Who’s an author you’ve changed your mind about, and why?
I could say that I have developed some slight—well, to be honest—some rather great disappointment in J.K. Rowling with her anti-trans statements. But I do not wish to make any political statements here. Speaking though as someone whose life continuously has been saved from self-destruction by the astonishing art of transgender artist (and my greatest influence as a Literary Artist) Anna-Varney Cantodea of Sopor Aeternus and the Ensemble of Shadows and due to personal aspects of my own life and history that I wish not to go into publicly, I am not very pleased to see anybody (regardless of their status in the literary world) speak out so harshly towards the trans community. Again, I do not wish to make any political statements. I merely am answering your question as honestly as I am able, and my answer is that people like J.K. Rowling need to mind their business and stop acting like transgenderism is any way their business. You cannot say you are an ally of a whole group of people and then turn around and speak prejudicial nonsense of this sort. It not only is ridiculous, but it also goes to ridiculous lengths. And the underlying thing here that I cannot emphasize enough is that it is nobody’s business what clothes someone decides to wear or what they do with their own anatomy. J.K. Rowling needs to mind her own business, and I excruciatingly am disappointed in every facet of what she has turned out to be. That it turns out she really was all along. All that money has not bought her a soul.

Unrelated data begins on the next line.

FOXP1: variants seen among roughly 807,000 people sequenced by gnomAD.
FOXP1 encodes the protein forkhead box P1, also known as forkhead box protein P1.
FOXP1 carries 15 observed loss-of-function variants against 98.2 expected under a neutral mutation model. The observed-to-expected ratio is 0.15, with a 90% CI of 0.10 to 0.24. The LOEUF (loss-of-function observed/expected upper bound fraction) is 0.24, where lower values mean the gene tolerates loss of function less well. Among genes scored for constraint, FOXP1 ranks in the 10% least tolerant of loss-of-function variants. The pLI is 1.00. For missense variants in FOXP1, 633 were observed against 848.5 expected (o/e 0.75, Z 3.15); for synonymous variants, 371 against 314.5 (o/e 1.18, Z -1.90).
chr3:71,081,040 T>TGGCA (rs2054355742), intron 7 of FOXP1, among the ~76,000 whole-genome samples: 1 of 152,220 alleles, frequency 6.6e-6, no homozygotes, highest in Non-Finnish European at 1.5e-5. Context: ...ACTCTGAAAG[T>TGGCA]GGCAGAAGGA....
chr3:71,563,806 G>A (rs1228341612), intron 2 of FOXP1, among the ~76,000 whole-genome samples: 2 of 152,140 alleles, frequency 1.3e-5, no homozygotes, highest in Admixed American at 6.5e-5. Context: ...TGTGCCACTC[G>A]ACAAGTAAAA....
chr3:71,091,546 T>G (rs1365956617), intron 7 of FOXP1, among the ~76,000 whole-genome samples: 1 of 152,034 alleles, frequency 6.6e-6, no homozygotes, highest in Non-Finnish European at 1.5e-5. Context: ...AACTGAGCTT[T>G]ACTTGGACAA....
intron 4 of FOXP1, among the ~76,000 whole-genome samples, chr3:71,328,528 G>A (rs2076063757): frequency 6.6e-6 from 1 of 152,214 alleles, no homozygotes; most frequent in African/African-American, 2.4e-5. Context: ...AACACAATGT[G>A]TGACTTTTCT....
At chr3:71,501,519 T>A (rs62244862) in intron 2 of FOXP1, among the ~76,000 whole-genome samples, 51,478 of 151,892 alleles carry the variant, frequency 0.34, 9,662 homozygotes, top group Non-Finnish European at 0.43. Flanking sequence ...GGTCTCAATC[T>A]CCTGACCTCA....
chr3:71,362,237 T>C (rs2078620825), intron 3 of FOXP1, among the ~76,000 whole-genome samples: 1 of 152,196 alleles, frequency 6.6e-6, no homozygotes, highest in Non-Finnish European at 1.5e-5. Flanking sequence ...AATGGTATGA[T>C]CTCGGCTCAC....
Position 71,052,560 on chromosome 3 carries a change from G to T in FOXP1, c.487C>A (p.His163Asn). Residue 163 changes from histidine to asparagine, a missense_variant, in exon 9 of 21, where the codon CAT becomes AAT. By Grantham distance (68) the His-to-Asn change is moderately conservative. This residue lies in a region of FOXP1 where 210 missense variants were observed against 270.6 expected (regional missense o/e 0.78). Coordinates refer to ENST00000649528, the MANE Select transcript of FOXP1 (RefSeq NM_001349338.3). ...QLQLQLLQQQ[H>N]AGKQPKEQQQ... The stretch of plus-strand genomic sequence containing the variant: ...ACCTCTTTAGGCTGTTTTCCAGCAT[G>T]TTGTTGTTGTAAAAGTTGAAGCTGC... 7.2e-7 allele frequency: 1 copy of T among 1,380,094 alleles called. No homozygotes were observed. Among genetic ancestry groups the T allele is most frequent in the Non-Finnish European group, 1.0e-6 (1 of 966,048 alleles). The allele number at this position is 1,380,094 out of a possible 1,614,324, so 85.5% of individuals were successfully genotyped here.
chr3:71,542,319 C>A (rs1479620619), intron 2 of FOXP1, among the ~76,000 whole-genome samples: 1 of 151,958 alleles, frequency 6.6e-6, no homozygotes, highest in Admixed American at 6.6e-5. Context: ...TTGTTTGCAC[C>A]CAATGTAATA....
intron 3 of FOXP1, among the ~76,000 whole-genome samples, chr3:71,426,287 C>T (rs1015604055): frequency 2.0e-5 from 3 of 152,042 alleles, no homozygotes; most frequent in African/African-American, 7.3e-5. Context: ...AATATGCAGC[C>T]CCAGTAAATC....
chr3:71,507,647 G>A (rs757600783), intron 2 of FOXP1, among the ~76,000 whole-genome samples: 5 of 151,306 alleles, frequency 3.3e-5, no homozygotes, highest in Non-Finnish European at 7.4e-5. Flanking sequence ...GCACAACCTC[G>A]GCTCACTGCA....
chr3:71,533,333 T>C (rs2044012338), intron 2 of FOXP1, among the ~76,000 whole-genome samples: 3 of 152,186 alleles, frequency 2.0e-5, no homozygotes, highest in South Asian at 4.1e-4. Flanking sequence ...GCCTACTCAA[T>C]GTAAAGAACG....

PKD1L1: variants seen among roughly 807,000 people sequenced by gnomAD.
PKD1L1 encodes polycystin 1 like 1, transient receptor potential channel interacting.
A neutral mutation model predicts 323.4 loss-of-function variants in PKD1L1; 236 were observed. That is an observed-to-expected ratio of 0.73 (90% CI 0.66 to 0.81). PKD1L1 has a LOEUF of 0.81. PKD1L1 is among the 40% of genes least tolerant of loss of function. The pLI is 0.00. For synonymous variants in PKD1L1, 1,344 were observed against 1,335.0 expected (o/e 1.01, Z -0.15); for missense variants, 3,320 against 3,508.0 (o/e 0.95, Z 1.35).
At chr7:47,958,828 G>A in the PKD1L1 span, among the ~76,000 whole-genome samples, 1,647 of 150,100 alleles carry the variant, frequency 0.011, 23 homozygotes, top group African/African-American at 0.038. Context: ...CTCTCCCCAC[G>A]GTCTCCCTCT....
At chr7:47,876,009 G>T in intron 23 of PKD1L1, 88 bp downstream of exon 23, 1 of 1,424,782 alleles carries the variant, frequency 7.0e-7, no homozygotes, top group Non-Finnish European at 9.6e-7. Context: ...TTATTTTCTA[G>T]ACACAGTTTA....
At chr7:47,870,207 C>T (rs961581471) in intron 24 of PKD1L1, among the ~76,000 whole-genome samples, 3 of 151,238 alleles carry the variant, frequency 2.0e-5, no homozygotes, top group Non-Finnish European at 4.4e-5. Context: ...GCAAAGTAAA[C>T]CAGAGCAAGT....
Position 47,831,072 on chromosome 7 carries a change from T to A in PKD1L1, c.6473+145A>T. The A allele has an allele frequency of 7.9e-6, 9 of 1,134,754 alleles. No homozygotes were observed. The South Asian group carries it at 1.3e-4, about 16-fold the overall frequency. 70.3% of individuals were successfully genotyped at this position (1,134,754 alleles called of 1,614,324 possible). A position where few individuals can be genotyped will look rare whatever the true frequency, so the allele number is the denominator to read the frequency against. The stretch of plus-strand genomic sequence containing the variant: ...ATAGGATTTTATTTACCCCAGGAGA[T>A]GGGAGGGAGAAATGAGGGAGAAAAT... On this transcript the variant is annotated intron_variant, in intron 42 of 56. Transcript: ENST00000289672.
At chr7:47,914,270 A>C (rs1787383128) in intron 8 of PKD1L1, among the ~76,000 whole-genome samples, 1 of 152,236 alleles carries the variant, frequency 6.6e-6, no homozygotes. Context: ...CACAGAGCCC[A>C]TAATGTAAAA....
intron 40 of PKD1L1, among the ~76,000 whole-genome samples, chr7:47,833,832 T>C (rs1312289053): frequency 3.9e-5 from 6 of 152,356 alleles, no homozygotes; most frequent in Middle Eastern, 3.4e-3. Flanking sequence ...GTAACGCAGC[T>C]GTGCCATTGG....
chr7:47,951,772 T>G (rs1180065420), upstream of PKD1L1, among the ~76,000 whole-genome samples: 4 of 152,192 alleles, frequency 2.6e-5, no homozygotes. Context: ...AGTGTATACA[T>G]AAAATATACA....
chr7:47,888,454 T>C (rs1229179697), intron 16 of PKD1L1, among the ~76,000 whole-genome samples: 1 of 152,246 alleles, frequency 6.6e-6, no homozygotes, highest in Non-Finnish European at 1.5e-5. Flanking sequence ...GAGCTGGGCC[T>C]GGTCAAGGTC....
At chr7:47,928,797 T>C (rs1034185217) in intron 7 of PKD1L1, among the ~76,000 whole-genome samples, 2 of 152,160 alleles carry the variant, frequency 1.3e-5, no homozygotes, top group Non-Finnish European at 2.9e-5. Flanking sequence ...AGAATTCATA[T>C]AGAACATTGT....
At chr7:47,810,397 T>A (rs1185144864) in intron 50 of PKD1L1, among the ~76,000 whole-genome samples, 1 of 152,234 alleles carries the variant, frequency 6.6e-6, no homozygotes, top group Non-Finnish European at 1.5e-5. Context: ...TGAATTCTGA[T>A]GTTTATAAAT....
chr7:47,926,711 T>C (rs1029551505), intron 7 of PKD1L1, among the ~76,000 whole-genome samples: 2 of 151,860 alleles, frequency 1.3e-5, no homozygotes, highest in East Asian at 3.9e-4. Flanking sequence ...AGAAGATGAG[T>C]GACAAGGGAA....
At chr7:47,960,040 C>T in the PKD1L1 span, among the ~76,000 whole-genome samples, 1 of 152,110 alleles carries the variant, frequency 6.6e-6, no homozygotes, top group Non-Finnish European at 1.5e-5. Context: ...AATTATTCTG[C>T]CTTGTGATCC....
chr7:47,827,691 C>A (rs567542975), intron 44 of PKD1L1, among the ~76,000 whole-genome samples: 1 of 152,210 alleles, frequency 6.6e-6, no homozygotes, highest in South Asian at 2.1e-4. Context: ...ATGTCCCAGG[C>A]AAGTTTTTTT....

If you could interview any writer/artist who would it be, and why?